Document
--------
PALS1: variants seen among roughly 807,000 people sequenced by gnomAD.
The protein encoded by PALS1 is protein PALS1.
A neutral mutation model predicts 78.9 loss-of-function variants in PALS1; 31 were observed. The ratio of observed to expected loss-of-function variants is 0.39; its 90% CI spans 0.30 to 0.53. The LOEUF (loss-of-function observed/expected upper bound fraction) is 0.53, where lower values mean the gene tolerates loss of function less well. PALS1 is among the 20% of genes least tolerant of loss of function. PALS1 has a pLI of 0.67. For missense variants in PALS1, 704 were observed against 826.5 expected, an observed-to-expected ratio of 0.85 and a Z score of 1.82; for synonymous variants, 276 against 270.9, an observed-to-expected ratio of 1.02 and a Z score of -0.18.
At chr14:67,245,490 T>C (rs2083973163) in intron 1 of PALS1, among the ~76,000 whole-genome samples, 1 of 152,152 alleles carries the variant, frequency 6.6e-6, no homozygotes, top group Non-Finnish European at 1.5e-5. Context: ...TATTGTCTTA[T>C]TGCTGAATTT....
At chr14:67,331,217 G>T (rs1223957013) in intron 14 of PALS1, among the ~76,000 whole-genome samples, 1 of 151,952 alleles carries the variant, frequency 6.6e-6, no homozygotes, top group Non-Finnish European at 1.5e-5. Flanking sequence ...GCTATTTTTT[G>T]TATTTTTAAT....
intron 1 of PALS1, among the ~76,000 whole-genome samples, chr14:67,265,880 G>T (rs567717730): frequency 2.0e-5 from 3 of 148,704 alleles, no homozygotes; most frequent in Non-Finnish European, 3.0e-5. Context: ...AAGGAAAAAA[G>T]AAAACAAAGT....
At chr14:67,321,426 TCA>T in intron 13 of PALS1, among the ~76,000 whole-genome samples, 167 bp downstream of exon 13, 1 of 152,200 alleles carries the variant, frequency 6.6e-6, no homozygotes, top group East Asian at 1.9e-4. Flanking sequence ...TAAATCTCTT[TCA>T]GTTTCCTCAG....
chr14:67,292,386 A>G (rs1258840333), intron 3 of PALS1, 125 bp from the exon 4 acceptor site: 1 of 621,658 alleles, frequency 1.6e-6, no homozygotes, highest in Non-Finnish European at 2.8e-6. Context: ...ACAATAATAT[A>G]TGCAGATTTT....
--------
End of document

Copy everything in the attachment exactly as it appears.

PALS1: variants seen among roughly 807,000 people sequenced by gnomAD.
The protein encoded by PALS1 is protein PALS1.
A neutral mutation model predicts 78.9 loss-of-function variants in PALS1; 31 were observed. The ratio of observed to expected loss-of-function variants is 0.39; its 90% CI spans 0.30 to 0.53. The LOEUF (loss-of-function observed/expected upper bound fraction) is 0.53, where lower values mean the gene tolerates loss of function less well. PALS1 is among the 20% of genes least tolerant of loss of function. PALS1 has a pLI of 0.67. For missense variants in PALS1, 704 were observed against 826.5 expected, an observed-to-expected ratio of 0.85 and a Z score of 1.82; for synonymous variants, 276 against 270.9, an observed-to-expected ratio of 1.02 and a Z score of -0.18.
At chr14:67,245,490 T>C (rs2083973163) in intron 1 of PALS1, among the ~76,000 whole-genome samples, 1 of 152,152 alleles carries the variant, frequency 6.6e-6, no homozygotes, top group Non-Finnish European at 1.5e-5. Context: ...TATTGTCTTA[T>C]TGCTGAATTT....
At chr14:67,331,217 G>T (rs1223957013) in intron 14 of PALS1, among the ~76,000 whole-genome samples, 1 of 151,952 alleles carries the variant, frequency 6.6e-6, no homozygotes, top group Non-Finnish European at 1.5e-5. Flanking sequence ...GCTATTTTTT[G>T]TATTTTTAAT....
intron 1 of PALS1, among the ~76,000 whole-genome samples, chr14:67,265,880 G>T (rs567717730): frequency 2.0e-5 from 3 of 148,704 alleles, no homozygotes; most frequent in Non-Finnish European, 3.0e-5. Context: ...AAGGAAAAAA[G>T]AAAACAAAGT....
At chr14:67,321,426 TCA>T in intron 13 of PALS1, among the ~76,000 whole-genome samples, 167 bp downstream of exon 13, 1 of 152,200 alleles carries the variant, frequency 6.6e-6, no homozygotes, top group East Asian at 1.9e-4. Flanking sequence ...TAAATCTCTT[TCA>T]GTTTCCTCAG....
chr14:67,292,386 A>G (rs1258840333), intron 3 of PALS1, 125 bp from the exon 4 acceptor site: 1 of 621,658 alleles, frequency 1.6e-6, no homozygotes, highest in Non-Finnish European at 2.8e-6. Context: ...ACAATAATAT[A>G]TGCAGATTTT....